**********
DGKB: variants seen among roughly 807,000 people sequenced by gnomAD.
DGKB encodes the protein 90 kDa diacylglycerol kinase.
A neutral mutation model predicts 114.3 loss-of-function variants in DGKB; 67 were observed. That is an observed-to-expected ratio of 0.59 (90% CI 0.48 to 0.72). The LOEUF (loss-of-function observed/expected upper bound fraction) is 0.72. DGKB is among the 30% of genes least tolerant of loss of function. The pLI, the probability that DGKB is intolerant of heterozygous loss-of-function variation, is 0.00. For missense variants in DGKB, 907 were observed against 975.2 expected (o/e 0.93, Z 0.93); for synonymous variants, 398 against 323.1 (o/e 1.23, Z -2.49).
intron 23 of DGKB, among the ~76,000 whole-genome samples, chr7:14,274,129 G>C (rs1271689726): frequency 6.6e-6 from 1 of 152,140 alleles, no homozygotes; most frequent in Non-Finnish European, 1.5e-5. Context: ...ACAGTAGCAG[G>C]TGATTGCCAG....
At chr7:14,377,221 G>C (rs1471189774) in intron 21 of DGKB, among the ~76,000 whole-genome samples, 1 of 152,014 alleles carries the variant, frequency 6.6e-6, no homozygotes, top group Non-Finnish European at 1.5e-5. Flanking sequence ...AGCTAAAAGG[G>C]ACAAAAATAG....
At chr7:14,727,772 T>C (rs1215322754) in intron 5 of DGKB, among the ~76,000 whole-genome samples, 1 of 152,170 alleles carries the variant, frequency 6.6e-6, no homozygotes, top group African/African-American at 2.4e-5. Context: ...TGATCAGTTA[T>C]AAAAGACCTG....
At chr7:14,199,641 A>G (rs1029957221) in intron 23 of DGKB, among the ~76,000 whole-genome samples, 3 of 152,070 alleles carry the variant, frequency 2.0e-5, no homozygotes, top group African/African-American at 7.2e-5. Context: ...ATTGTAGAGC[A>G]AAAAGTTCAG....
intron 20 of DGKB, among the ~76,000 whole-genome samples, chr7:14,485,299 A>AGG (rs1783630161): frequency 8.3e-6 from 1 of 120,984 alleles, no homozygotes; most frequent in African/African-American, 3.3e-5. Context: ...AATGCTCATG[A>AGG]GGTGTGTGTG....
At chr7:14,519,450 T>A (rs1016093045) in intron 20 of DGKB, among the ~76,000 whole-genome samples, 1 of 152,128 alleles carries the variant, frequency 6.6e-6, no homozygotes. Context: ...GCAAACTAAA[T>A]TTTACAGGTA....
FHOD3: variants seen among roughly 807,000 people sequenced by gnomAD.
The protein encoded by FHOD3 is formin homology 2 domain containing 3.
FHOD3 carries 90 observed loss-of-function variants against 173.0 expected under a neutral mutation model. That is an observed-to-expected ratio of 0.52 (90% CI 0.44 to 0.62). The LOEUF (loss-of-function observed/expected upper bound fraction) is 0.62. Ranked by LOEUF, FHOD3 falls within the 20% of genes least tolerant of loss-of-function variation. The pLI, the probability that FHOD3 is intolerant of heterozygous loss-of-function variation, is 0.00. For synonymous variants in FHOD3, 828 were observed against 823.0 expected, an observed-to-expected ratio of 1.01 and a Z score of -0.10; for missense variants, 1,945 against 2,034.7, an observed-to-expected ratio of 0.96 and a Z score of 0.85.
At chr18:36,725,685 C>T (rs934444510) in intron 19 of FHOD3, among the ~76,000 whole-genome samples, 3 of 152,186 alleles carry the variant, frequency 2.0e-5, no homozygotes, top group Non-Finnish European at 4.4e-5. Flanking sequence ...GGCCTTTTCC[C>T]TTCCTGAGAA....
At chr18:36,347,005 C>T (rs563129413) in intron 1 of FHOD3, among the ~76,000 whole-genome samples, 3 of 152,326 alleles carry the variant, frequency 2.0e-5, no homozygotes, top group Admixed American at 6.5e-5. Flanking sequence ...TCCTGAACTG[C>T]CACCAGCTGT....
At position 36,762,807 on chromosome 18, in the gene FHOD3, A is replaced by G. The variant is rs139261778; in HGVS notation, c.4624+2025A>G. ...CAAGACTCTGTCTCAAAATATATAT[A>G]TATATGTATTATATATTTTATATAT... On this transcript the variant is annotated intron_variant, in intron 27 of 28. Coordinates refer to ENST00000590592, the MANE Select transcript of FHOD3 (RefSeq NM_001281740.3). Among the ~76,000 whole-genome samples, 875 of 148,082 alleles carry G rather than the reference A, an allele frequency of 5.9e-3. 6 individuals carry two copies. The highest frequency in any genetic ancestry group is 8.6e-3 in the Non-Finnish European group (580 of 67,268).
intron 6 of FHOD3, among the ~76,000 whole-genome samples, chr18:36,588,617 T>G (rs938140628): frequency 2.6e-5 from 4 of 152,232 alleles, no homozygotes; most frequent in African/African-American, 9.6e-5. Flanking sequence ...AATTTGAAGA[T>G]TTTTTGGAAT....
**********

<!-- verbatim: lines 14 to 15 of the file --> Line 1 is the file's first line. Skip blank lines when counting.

At chr18:36,347,005 C>T (rs563129413) in intron 1 of FHOD3, among the ~76,000 whole-genome samples, 3 of 152,326 alleles carry the variant, frequency 2.0e-5, no homozygotes, top group Admixed American at 6.5e-5. Flanking sequence ...TCCTGAACTG[C>T]CACCAGCTGT....
At position 36,762,807 on chromosome 18, in the gene FHOD3, A is replaced by G. The variant is rs139261778; in HGVS notation, c.4624+2025A>G. ...CAAGACTCTGTCTCAAAATATATAT[A>G]TATATGTATTATATATTTTATATAT... On this transcript the variant is annotated intron_variant, in intron 27 of 28. Coordinates refer to ENST00000590592, the MANE Select transcript of FHOD3 (RefSeq NM_001281740.3). Among the ~76,000 whole-genome samples, 875 of 148,082 alleles carry G rather than the reference A, an allele frequency of 5.9e-3. 6 individuals carry two copies. The highest frequency in any genetic ancestry group is 8.6e-3 in the Non-Finnish European group (580 of 67,268).